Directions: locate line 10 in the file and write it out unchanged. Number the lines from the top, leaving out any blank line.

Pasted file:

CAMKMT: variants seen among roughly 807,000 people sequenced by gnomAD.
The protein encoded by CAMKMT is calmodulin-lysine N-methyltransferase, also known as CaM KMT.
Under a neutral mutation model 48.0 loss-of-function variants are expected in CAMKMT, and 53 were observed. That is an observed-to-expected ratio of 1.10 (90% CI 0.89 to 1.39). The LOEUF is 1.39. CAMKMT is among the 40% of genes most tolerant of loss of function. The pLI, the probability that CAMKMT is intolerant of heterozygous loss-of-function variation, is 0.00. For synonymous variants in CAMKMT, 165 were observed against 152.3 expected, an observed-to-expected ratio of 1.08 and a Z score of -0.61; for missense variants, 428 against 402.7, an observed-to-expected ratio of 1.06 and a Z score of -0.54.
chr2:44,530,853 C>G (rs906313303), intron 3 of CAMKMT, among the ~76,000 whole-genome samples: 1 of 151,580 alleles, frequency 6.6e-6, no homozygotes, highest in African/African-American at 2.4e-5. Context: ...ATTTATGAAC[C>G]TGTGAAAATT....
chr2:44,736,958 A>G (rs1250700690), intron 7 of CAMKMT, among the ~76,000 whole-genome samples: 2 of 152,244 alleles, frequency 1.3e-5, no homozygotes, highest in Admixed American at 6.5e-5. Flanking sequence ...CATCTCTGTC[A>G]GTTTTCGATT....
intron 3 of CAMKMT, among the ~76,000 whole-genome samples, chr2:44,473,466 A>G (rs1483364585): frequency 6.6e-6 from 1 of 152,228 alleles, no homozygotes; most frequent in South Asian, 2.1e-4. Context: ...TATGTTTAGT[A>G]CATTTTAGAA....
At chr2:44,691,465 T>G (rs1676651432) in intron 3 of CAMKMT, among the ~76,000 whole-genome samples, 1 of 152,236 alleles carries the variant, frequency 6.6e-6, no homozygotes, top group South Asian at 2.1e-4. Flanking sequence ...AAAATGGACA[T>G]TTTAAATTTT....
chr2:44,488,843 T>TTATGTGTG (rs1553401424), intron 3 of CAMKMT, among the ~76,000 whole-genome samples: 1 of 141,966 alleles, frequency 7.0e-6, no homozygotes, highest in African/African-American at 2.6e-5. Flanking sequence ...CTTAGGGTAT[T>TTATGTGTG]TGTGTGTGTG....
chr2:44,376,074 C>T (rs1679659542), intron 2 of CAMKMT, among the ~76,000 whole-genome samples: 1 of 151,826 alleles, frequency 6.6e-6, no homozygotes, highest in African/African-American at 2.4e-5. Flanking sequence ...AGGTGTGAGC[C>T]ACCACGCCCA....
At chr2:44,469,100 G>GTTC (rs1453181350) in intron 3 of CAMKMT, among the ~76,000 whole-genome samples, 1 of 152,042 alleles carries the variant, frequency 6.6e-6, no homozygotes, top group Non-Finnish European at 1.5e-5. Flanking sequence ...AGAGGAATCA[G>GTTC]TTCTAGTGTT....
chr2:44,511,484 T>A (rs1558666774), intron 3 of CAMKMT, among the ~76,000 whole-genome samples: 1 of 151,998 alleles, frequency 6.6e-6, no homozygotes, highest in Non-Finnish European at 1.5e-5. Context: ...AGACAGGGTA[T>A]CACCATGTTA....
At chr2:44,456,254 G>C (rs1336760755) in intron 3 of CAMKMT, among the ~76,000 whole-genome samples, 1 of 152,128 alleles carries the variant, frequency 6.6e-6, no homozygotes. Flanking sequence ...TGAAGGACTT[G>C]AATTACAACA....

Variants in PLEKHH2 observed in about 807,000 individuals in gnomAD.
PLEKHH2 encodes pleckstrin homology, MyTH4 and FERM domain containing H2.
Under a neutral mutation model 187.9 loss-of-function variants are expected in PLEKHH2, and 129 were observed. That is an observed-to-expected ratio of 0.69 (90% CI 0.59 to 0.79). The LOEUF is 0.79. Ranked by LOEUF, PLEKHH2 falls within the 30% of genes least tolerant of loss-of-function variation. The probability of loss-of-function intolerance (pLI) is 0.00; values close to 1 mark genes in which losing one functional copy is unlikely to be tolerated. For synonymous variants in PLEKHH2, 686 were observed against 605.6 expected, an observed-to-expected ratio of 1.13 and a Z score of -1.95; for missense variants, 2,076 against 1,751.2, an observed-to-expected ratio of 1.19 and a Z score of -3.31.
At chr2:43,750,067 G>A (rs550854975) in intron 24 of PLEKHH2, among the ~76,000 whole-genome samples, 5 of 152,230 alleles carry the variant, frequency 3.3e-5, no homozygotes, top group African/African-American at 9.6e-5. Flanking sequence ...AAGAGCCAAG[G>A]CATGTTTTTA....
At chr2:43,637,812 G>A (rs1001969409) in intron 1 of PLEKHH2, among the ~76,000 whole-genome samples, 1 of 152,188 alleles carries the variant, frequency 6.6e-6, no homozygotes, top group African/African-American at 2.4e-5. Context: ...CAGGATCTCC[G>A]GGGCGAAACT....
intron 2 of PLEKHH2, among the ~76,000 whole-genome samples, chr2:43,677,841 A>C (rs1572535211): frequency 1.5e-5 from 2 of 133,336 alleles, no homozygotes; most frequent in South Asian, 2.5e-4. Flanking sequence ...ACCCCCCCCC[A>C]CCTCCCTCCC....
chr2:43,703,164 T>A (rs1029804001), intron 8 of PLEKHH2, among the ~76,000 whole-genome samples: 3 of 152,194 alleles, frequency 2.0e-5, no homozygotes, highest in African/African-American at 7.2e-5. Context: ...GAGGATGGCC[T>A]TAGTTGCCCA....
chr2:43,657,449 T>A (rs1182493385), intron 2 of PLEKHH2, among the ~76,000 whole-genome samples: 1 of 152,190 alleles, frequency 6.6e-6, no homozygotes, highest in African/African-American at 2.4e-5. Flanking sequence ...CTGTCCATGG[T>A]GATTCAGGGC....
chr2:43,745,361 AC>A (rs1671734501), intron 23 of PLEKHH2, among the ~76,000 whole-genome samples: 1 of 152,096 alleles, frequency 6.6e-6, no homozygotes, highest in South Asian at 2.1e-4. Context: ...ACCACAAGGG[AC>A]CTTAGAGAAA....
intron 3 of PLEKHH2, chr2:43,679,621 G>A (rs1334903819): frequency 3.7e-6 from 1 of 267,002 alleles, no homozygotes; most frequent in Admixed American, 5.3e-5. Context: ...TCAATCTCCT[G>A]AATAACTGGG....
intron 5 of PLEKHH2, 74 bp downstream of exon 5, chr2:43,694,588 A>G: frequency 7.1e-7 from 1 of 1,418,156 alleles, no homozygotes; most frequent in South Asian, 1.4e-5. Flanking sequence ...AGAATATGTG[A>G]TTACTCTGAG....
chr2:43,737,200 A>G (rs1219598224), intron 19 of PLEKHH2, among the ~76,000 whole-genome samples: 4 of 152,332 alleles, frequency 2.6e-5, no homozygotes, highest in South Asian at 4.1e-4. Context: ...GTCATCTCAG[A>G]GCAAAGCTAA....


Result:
At chr2:44,469,100 G>GTTC (rs1453181350) in intron 3 of CAMKMT, among the ~76,000 whole-genome samples, 1 of 152,042 alleles carries the variant, frequency 6.6e-6, no homozygotes, top group Non-Finnish European at 1.5e-5. Flanking sequence ...AGAGGAATCA[G>GTTC]TTCTAGTGTT....